However, the implementation of stimulus packages would be very challenging since most of them are loan schemes and to be distributed by commercial banks under the supervision of the Bangladesh Bank. The supervision capacity of the central bank over commercial banks became weak in recent years.
Only dedication and higher capacity of the banks could ensure the much-needed higher credit growth in the private sector. Bangladesh Bank is yet to use the statutory liquidity ratio to increase the supply of money and offer anything to the expatriate Bangladeshis returning home from foreign lands.
I urge the government to increase diplomatic efforts so that the countries in the Middle East did not send the Bangladeshi workers, known as ‘unsung heroes’ back home.
I believe the cash assistance of Tk 760 crore announced by the government for the jobless informal sector workers insufficient and the process of identifying the beneficiaries and distribution process would be more difficult a task than the cash transfer itself.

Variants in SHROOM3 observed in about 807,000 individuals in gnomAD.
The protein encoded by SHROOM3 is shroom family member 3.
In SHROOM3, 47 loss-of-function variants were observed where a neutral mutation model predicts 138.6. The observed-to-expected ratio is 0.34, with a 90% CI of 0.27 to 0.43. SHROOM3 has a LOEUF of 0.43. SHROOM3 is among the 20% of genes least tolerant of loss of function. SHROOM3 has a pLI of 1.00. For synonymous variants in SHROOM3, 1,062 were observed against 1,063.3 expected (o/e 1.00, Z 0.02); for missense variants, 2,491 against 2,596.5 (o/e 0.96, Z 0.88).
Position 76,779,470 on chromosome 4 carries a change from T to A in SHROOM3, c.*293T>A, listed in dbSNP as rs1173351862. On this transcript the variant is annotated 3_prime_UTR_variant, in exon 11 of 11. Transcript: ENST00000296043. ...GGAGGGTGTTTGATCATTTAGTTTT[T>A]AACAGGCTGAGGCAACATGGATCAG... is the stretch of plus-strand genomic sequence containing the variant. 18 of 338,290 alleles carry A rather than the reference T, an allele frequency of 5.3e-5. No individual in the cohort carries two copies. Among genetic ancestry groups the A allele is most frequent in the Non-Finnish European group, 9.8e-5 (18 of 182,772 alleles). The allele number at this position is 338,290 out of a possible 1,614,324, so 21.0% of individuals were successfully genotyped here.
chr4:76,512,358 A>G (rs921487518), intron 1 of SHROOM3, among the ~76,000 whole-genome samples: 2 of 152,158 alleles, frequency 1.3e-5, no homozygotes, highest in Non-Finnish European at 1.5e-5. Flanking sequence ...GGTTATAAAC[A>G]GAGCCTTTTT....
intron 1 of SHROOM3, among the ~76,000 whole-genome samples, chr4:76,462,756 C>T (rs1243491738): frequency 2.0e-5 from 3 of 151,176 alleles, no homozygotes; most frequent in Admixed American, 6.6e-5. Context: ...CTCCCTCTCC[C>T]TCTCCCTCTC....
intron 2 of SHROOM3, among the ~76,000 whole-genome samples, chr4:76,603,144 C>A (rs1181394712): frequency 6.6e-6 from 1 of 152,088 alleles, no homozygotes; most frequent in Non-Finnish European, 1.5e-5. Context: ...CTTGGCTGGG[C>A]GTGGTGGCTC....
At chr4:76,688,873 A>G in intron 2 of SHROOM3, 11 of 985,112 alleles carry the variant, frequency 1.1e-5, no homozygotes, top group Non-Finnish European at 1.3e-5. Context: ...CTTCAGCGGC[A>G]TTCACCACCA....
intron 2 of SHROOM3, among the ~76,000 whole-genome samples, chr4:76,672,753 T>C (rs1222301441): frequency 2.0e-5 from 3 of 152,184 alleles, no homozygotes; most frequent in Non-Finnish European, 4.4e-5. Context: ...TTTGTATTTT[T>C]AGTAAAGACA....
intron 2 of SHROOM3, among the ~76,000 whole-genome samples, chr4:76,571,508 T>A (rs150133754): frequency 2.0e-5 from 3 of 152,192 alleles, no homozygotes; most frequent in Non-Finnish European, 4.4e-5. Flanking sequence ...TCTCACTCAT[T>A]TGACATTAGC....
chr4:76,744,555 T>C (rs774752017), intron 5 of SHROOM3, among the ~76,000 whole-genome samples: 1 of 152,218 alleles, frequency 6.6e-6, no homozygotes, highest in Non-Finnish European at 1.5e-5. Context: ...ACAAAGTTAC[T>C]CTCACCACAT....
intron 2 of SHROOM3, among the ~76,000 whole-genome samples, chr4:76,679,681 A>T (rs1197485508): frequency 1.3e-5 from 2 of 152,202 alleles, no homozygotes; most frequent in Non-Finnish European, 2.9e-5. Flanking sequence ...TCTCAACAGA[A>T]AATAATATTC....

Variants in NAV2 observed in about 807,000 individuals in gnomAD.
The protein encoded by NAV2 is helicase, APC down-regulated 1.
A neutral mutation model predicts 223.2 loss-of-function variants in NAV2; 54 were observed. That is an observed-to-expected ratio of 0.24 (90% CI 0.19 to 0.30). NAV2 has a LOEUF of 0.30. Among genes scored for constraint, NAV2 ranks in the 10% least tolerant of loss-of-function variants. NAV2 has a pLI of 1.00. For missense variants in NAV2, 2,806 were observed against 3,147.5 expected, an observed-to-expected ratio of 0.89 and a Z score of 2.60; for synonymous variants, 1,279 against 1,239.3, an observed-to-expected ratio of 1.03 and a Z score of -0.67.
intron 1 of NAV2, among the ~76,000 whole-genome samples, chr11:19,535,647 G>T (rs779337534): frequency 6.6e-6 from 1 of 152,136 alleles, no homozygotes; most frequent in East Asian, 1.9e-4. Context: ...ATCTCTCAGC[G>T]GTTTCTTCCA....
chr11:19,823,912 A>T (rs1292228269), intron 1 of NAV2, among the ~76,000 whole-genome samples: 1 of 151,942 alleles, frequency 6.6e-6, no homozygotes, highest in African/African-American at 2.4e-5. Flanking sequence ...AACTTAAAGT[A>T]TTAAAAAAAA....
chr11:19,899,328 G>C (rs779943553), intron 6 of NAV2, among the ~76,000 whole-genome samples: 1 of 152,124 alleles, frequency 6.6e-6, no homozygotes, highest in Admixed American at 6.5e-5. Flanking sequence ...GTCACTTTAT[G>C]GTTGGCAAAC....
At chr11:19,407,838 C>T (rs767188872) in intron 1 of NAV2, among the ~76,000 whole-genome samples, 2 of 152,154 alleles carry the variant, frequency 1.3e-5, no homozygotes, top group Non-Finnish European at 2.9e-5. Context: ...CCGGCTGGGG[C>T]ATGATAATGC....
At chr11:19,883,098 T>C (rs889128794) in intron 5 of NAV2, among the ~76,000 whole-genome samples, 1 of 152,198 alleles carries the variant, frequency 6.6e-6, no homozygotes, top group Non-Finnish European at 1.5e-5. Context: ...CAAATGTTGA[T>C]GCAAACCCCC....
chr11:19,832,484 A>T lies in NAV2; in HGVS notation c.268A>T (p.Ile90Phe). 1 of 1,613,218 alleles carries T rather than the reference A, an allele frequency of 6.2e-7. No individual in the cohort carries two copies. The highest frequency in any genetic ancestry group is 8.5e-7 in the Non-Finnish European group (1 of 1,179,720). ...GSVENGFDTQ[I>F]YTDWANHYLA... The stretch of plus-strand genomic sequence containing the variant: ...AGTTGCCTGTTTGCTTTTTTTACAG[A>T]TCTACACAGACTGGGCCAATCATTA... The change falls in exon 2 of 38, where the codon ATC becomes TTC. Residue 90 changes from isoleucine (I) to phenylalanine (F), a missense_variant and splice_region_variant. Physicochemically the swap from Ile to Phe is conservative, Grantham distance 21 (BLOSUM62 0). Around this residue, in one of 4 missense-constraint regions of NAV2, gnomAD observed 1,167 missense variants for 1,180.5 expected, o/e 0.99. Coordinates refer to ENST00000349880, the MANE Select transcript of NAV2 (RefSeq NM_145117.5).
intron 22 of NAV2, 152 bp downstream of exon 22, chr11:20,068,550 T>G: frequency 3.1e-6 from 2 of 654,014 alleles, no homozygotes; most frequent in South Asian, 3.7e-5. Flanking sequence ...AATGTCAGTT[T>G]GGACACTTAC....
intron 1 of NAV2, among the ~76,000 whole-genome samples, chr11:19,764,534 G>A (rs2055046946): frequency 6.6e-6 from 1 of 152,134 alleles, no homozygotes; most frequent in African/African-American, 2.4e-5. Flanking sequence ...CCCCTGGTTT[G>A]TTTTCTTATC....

Time has come for the engagement of all political parties and non- government organisations to prepare a nongame-partisan list of beneficiaries. Otherwise, chances were high that corruption would infect the cash distribution scheme like what happened to the food distribution programme.
Since April 14, the government has suspended the open market sale of rice, only a week after the operation began targeting the poor, citing its inability to control crowds and the theft of rice.
Besides, the government has been struggling to maintain the health system which is a cause for concern.
Hopefully, this will be a watershed moment and as a nation, we have realised the importance of decentralising health services in rural areas and investing resources in the system.
There is no scope for the government to neglect the health sector any more amid criticism that Tk 25,732 crore accounted for 4.92 per cent of the total budget of Tk 5,23,190 crore or 0.89 per cent of the gross domestic product, one of the lowest in South Asia.
I am hoping that the new budget should be utilized to begin the process of meeting the World Health Organization standard of 15 per cent of total budget or five per cent of the GDP for the health sector.
The authorities need to embark on a three-year recovery plan, with the next budget being announced under this medium-term macroeconomic framework. The government announced stimulus packages are loan-based and will subsidise at most around TK 3,000 crore if the entirety of the fund is used. The announced package hardly mentions fiscal policy measures as regards social security, real sectors and social development.